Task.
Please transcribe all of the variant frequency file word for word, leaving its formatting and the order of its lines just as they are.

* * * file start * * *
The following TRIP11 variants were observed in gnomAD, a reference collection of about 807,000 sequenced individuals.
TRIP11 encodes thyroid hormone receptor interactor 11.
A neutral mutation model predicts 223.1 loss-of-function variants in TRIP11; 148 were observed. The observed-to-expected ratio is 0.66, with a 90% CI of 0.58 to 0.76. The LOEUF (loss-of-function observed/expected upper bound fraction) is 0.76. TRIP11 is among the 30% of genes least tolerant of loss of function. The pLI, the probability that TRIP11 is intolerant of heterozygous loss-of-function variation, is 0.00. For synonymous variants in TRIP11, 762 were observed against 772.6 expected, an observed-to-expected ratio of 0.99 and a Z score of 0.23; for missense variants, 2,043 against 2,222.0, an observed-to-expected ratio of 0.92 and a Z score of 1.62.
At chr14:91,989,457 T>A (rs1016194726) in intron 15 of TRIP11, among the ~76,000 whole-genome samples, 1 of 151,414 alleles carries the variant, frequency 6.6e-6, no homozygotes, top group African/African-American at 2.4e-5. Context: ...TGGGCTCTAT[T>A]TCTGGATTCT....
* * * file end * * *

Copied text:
The following TRIP11 variants were observed in gnomAD, a reference collection of about 807,000 sequenced individuals.
TRIP11 encodes thyroid hormone receptor interactor 11.
A neutral mutation model predicts 223.1 loss-of-function variants in TRIP11; 148 were observed. The observed-to-expected ratio is 0.66, with a 90% CI of 0.58 to 0.76. The LOEUF (loss-of-function observed/expected upper bound fraction) is 0.76. TRIP11 is among the 30% of genes least tolerant of loss of function. The pLI, the probability that TRIP11 is intolerant of heterozygous loss-of-function variation, is 0.00. For synonymous variants in TRIP11, 762 were observed against 772.6 expected, an observed-to-expected ratio of 0.99 and a Z score of 0.23; for missense variants, 2,043 against 2,222.0, an observed-to-expected ratio of 0.92 and a Z score of 1.62.
At chr14:91,989,457 T>A (rs1016194726) in intron 15 of TRIP11, among the ~76,000 whole-genome samples, 1 of 151,414 alleles carries the variant, frequency 6.6e-6, no homozygotes, top group African/African-American at 2.4e-5. Context: ...TGGGCTCTAT[T>A]TCTGGATTCT....